USA TODAY International Edition
Air- traffic technology works well, despite age
Question: Why is our airtraffic control system criticized as “outdated” or “based on 1960s technology” when huge improvements have been made over the past 20plus years, such as RNAV, NextGen, DSR, GSR, etc?
— Steve M., Atlanta
Answer: The improvements in the U. S. air- traffic control system are significant but have come at a much slower pace than some other countries. As an example, the incorporation of required navigation performance ( RNP) took decades longer than it should have.
Part of the problem is not the FAA’s fault; the federal procurement process is so cumbersome that too often equipment is outdated when it is installed.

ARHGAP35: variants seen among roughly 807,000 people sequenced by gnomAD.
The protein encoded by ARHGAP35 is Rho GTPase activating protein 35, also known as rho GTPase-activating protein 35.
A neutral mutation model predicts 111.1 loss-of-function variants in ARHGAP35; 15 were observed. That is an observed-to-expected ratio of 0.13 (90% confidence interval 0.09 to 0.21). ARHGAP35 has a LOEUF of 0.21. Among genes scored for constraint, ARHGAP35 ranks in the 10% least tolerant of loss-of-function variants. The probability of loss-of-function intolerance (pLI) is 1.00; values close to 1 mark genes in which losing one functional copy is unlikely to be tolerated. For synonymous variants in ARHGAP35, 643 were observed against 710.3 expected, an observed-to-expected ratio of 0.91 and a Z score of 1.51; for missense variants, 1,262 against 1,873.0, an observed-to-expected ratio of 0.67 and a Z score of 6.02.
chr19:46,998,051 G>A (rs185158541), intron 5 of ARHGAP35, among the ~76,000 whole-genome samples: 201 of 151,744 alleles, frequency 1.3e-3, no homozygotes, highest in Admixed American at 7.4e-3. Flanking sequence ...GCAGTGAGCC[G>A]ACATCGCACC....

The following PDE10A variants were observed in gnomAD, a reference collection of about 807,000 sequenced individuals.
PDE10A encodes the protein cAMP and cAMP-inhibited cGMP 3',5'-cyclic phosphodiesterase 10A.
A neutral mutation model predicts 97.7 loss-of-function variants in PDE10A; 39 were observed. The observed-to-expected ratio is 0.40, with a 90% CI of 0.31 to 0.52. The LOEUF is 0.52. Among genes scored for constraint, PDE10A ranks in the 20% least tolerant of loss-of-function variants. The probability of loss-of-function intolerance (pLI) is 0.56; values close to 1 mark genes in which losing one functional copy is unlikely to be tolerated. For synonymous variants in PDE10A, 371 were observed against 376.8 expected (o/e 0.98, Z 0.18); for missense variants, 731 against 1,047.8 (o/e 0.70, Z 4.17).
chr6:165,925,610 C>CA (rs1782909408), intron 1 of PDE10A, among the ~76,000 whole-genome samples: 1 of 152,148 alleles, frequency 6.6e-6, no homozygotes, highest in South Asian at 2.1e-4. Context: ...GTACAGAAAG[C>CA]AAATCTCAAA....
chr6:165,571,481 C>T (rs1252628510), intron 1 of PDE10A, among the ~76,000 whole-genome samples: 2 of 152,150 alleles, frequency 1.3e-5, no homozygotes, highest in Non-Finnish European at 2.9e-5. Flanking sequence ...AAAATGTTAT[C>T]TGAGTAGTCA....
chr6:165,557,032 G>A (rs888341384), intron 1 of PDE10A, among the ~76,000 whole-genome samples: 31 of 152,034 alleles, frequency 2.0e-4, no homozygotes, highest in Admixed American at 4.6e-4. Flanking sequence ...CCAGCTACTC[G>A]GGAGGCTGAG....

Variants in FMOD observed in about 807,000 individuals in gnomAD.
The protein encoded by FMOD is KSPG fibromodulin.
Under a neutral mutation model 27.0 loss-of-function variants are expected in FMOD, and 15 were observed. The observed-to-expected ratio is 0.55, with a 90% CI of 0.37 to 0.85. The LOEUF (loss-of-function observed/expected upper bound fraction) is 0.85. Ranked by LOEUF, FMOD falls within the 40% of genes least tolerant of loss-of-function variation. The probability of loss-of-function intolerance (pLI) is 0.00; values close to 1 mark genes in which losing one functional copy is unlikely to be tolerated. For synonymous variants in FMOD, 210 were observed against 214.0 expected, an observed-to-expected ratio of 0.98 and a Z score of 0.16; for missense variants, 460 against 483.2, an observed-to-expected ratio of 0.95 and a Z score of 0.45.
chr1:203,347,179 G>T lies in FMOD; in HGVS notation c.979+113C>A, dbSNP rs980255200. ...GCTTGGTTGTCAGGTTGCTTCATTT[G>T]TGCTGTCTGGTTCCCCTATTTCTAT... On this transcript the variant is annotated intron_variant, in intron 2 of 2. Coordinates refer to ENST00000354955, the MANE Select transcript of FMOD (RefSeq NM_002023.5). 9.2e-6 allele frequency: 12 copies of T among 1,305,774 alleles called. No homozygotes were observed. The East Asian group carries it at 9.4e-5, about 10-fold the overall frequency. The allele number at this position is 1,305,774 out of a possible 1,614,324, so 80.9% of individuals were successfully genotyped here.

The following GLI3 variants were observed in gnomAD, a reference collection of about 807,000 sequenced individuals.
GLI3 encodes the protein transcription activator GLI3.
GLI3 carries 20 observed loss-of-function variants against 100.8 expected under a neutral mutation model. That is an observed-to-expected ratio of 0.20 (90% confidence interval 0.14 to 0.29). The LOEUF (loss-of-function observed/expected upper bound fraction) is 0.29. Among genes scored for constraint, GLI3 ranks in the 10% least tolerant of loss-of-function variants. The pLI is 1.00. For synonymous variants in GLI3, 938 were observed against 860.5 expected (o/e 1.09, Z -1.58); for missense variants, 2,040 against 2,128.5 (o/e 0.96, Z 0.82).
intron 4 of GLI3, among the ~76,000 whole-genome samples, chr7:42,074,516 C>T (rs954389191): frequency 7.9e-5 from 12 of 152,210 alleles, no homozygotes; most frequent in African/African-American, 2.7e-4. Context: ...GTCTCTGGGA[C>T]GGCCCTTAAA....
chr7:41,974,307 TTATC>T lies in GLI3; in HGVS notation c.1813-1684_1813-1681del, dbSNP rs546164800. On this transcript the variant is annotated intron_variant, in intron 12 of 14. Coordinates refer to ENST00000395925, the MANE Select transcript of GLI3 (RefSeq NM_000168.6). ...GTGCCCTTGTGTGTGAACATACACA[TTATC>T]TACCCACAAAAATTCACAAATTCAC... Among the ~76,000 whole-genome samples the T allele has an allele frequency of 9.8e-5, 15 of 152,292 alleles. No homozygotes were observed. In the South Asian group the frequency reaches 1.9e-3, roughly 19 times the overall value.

Overall our system is very good. There is a much greater quantity of traffic in the U. S. than in most countries and we move that traffic very well.
Q: How does a pilot know to avoid other traffic in congested airspace?
— submitted via email
A: Air- traffic controllers issue instructions to keep the required separation. Additionally, most airplanes have a Traffic Collision and Avoidance System.